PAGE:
Contractors that have been assessed as ‘inside IR35’ by clients under the Off-Payroll legislation - the private sector implementation of which has now been postponed until April 2021 - may be able to secure full employment rights via an Employment Tribunal (ET) claim.
However, those considering action are advised to base their decision on the true nature of the engagement, as an ‘inside IR35’ assessment alone will not form the basis of a strong case if the working practices are akin to a contract for services.
Though previous ET rulings have held that contractors were employed by their end-clients, few have seen contractors stake a claim for full employment rights on these grounds. Nonetheless, with ‘inside IR35’ blanket decisions widespread, some contractors may view a retrospective employment rights claim as a means of securing some form of compensation for their ‘employed for tax purposes’ status, albeit an impractical and unpredictable route.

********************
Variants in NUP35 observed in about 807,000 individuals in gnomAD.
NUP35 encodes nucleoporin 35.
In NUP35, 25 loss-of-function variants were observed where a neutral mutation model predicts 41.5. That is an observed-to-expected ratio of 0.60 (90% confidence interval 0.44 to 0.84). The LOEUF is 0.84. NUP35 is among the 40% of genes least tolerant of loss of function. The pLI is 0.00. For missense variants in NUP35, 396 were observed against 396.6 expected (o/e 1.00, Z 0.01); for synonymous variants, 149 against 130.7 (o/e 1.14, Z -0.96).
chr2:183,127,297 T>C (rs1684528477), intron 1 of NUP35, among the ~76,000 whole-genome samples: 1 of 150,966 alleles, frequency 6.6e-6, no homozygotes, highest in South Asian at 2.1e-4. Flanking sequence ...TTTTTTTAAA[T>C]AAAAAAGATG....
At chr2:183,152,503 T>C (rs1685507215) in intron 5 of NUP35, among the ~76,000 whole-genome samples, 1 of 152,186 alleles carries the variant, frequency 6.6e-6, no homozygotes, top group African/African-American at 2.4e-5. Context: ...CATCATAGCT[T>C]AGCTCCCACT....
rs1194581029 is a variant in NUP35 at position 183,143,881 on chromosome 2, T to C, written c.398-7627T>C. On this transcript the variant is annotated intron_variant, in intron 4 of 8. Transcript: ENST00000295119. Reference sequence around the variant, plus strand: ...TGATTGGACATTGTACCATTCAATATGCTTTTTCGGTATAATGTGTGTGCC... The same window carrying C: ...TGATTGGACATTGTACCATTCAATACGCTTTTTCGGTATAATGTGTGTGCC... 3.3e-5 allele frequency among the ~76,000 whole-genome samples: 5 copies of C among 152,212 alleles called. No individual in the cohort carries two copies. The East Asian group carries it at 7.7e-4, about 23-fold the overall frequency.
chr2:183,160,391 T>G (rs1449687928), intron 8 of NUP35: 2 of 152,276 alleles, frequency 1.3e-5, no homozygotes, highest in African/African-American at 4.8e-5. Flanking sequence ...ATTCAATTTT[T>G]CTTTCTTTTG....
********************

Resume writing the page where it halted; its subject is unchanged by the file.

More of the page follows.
Could ET claims restore parity for ‘inside IR35’ contractors?
Despite presenting largely untested waters, Financial Secretary to the Treasury, Jesse Norman, recommended that ‘inside IR35’ contractors bring ET claims for employment rights in March 2020, stating: “Those who wish to challenge their employment status for rights can take their case to an employment tribunal, regardless of their tax status.”
Though many will view the requirement to pursue an ET claim for rights to accompany ‘employed for tax purposes’ status unjust, some contractors will consider the prospect of employment rights fair compensation for being rendered a ‘deemed employee’ by their client.
Case law applicable to this scenario is thin on the ground, and past cases have yielded mixed results. However, tax barrister Alexander Wilson of Invicta Chambers believes employment rights claims resulting from ‘inside IR35’ assessments are likely, despite their unpredictability. Not only this, Wilson points towards the case of Cable & Wireless v Muscat  as one that might encourage some contractors to pursue a claim: